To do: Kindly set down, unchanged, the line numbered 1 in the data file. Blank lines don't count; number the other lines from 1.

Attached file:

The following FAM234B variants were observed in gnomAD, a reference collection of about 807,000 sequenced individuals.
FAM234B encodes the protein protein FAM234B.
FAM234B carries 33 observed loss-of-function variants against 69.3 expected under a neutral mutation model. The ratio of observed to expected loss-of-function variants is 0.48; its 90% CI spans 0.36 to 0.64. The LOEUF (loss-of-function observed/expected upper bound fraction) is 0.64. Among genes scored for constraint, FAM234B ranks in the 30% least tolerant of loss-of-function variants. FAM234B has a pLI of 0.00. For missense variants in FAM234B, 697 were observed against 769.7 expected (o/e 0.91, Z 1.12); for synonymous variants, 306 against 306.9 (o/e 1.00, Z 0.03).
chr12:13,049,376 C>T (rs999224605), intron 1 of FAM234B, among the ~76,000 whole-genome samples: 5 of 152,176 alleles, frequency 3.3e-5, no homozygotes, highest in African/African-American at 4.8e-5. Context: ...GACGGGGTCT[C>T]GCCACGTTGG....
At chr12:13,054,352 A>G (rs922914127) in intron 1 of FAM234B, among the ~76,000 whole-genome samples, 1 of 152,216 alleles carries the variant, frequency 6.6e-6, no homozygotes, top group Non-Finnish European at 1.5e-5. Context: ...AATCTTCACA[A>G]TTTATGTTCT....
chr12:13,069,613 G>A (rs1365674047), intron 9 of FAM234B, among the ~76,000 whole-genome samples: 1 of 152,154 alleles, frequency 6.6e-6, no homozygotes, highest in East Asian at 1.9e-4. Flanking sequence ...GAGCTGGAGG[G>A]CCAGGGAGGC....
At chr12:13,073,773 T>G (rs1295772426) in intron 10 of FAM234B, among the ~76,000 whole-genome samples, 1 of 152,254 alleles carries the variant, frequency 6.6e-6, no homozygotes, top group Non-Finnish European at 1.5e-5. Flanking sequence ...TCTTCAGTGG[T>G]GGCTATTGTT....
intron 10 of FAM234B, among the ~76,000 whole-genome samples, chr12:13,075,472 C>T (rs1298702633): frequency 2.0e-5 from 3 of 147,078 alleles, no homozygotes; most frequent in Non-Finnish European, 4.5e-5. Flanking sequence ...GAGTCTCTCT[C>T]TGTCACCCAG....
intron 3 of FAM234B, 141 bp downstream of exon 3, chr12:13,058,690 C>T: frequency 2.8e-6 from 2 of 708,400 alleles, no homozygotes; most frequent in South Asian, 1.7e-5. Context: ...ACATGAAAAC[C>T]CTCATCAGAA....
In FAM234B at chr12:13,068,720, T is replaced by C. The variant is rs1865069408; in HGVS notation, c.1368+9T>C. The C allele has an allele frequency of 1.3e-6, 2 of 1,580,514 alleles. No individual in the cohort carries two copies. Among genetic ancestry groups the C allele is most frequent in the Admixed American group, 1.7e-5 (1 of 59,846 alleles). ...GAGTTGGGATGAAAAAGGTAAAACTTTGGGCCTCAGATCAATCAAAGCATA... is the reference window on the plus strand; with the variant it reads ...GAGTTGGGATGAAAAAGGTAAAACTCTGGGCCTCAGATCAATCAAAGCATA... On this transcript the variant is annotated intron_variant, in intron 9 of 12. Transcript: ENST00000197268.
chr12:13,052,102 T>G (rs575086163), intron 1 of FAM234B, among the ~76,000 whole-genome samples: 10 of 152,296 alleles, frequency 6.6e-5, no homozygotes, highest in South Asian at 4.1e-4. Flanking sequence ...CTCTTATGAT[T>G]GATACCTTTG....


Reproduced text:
The following FAM234B variants were observed in gnomAD, a reference collection of about 807,000 sequenced individuals.